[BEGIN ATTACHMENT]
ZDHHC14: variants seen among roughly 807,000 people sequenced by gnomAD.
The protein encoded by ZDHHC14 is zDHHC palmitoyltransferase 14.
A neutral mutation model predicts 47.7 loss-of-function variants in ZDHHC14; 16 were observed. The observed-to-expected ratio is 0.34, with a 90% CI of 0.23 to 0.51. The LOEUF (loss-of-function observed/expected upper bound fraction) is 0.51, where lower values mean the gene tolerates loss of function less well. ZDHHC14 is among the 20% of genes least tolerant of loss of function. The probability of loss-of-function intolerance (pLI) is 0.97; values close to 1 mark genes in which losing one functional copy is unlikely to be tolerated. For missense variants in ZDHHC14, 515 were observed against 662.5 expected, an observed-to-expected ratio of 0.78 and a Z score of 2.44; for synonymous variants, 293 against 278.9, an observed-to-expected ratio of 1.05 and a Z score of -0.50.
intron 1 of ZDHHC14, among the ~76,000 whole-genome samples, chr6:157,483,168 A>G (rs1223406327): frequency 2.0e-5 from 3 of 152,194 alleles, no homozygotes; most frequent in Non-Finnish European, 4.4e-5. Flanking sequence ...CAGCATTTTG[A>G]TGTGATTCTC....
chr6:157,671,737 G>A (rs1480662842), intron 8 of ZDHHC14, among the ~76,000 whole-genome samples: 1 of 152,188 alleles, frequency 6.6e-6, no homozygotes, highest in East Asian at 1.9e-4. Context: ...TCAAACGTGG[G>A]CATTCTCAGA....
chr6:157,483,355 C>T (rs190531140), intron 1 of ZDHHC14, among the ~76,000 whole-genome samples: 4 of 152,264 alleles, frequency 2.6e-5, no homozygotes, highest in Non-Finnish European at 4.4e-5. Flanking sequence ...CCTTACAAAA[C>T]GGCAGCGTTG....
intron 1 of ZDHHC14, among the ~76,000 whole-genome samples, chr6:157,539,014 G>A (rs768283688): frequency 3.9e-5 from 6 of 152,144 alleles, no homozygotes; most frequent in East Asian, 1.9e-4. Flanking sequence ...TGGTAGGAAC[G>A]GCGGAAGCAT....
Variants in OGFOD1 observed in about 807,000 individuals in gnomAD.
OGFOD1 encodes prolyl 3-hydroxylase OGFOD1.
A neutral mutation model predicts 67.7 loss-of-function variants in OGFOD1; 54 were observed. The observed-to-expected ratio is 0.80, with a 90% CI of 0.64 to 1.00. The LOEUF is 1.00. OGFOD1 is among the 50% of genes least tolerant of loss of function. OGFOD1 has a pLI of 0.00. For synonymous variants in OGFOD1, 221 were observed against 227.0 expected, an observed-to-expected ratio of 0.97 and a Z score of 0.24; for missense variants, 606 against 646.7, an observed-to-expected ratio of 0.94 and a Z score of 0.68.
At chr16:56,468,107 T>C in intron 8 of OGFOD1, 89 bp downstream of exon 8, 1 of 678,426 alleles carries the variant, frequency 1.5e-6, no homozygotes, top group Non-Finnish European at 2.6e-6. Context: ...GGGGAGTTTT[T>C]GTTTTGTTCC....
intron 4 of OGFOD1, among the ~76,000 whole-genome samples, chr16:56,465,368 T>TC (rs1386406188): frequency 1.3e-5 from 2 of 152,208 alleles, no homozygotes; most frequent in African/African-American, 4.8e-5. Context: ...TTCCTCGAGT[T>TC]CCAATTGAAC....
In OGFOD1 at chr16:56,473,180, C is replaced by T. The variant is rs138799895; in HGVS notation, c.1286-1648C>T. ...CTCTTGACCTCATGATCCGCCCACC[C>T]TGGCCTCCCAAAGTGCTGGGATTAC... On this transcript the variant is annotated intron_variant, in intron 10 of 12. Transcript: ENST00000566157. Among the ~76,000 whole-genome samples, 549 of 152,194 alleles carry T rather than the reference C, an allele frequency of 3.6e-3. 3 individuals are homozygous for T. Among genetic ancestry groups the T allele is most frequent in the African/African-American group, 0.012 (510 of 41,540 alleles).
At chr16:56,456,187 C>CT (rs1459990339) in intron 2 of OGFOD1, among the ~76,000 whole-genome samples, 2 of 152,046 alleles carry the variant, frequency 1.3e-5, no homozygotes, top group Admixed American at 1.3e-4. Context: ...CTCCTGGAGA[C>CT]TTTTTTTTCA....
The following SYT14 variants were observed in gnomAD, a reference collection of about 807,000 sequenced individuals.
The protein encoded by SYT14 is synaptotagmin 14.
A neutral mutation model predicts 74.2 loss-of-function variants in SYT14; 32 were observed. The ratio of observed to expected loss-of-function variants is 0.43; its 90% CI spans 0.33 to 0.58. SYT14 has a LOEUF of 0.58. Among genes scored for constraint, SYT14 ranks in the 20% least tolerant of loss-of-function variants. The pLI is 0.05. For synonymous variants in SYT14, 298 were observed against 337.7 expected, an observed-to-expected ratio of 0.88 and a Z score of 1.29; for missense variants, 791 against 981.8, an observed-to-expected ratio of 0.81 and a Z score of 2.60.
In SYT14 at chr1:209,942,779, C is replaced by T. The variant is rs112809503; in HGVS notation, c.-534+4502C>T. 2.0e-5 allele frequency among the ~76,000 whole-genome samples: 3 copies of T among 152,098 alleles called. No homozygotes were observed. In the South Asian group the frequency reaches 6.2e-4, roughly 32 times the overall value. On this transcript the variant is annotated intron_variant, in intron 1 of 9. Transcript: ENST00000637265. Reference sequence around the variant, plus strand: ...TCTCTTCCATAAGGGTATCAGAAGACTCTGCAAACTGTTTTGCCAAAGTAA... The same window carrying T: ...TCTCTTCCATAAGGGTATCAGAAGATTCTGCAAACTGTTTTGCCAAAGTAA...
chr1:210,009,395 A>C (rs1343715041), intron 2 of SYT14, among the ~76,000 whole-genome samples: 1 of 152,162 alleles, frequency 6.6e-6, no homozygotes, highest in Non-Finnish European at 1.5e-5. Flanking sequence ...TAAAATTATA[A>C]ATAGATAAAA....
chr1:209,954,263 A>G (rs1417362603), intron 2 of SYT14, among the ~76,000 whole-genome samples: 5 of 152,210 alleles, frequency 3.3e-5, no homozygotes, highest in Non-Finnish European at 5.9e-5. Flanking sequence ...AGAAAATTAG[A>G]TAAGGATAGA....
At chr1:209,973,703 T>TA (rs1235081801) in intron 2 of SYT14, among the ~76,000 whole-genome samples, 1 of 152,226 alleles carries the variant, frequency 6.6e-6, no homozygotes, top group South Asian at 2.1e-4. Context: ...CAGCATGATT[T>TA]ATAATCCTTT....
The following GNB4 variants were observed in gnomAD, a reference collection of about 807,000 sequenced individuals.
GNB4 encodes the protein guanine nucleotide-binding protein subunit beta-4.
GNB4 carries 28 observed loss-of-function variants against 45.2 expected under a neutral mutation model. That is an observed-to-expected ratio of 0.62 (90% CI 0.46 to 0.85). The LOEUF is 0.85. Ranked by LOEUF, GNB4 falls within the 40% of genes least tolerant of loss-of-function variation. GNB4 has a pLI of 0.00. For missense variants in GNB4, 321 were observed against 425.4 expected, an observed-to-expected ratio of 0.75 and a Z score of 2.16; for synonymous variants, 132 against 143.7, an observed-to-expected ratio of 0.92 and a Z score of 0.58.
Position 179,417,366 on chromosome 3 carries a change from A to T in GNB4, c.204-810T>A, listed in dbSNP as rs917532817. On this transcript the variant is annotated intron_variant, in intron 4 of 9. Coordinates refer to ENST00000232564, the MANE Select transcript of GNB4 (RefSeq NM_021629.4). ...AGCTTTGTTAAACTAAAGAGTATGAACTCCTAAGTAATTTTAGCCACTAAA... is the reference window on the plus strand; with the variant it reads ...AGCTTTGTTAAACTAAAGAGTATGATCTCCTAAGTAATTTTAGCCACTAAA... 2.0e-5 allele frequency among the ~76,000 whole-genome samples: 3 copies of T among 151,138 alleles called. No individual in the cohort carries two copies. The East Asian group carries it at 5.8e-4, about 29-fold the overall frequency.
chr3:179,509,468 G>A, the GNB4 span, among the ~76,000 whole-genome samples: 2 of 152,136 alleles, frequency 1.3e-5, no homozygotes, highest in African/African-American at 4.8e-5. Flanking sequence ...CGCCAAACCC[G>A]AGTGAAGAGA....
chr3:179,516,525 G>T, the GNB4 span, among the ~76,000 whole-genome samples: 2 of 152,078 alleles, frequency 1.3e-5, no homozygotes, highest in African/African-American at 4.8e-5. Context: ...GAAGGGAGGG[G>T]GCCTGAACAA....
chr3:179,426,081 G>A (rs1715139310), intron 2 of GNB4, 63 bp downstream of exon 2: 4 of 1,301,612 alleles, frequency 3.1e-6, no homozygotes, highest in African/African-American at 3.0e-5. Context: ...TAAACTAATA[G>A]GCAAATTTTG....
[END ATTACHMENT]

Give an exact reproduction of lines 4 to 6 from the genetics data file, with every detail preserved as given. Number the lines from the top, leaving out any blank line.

intron 1 of ZDHHC14, among the ~76,000 whole-genome samples, chr6:157,483,168 A>G (rs1223406327): frequency 2.0e-5 from 3 of 152,194 alleles, no homozygotes; most frequent in Non-Finnish European, 4.4e-5. Flanking sequence ...CAGCATTTTG[A>G]TGTGATTCTC....
chr6:157,671,737 G>A (rs1480662842), intron 8 of ZDHHC14, among the ~76,000 whole-genome samples: 1 of 152,188 alleles, frequency 6.6e-6, no homozygotes, highest in East Asian at 1.9e-4. Context: ...TCAAACGTGG[G>A]CATTCTCAGA....
chr6:157,483,355 C>T (rs190531140), intron 1 of ZDHHC14, among the ~76,000 whole-genome samples: 4 of 152,264 alleles, frequency 2.6e-5, no homozygotes, highest in Non-Finnish European at 4.4e-5. Flanking sequence ...CCTTACAAAA[C>T]GGCAGCGTTG....